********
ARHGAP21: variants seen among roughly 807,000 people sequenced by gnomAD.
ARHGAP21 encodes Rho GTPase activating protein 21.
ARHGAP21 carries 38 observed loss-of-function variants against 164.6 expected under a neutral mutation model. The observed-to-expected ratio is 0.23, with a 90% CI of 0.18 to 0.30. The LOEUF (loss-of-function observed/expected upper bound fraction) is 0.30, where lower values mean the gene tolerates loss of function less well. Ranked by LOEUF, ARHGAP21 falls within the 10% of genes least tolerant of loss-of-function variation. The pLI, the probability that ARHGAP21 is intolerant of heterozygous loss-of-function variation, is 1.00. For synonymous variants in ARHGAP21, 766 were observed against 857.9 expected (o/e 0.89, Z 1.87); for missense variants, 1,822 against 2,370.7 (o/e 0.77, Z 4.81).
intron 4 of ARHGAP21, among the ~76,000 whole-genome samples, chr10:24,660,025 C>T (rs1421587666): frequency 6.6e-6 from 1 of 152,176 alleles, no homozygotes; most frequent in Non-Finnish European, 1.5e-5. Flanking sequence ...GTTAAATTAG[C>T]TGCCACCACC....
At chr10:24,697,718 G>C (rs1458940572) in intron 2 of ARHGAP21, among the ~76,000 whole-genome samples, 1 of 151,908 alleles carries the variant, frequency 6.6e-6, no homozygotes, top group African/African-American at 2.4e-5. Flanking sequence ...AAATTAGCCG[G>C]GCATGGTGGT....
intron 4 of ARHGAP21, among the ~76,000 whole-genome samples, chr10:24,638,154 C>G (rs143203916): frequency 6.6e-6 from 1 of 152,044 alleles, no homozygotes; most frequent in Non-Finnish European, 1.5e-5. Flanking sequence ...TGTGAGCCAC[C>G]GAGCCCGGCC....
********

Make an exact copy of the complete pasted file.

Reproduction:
ARHGAP21: variants seen among roughly 807,000 people sequenced by gnomAD.
ARHGAP21 encodes Rho GTPase activating protein 21.
ARHGAP21 carries 38 observed loss-of-function variants against 164.6 expected under a neutral mutation model. The observed-to-expected ratio is 0.23, with a 90% CI of 0.18 to 0.30. The LOEUF (loss-of-function observed/expected upper bound fraction) is 0.30, where lower values mean the gene tolerates loss of function less well. Ranked by LOEUF, ARHGAP21 falls within the 10% of genes least tolerant of loss-of-function variation. The pLI, the probability that ARHGAP21 is intolerant of heterozygous loss-of-function variation, is 1.00. For synonymous variants in ARHGAP21, 766 were observed against 857.9 expected (o/e 0.89, Z 1.87); for missense variants, 1,822 against 2,370.7 (o/e 0.77, Z 4.81).
intron 4 of ARHGAP21, among the ~76,000 whole-genome samples, chr10:24,660,025 C>T (rs1421587666): frequency 6.6e-6 from 1 of 152,176 alleles, no homozygotes; most frequent in Non-Finnish European, 1.5e-5. Flanking sequence ...GTTAAATTAG[C>T]TGCCACCACC....
At chr10:24,697,718 G>C (rs1458940572) in intron 2 of ARHGAP21, among the ~76,000 whole-genome samples, 1 of 151,908 alleles carries the variant, frequency 6.6e-6, no homozygotes, top group African/African-American at 2.4e-5. Flanking sequence ...AAATTAGCCG[G>C]GCATGGTGGT....
intron 4 of ARHGAP21, among the ~76,000 whole-genome samples, chr10:24,638,154 C>G (rs143203916): frequency 6.6e-6 from 1 of 152,044 alleles, no homozygotes; most frequent in Non-Finnish European, 1.5e-5. Flanking sequence ...TGTGAGCCAC[C>G]GAGCCCGGCC....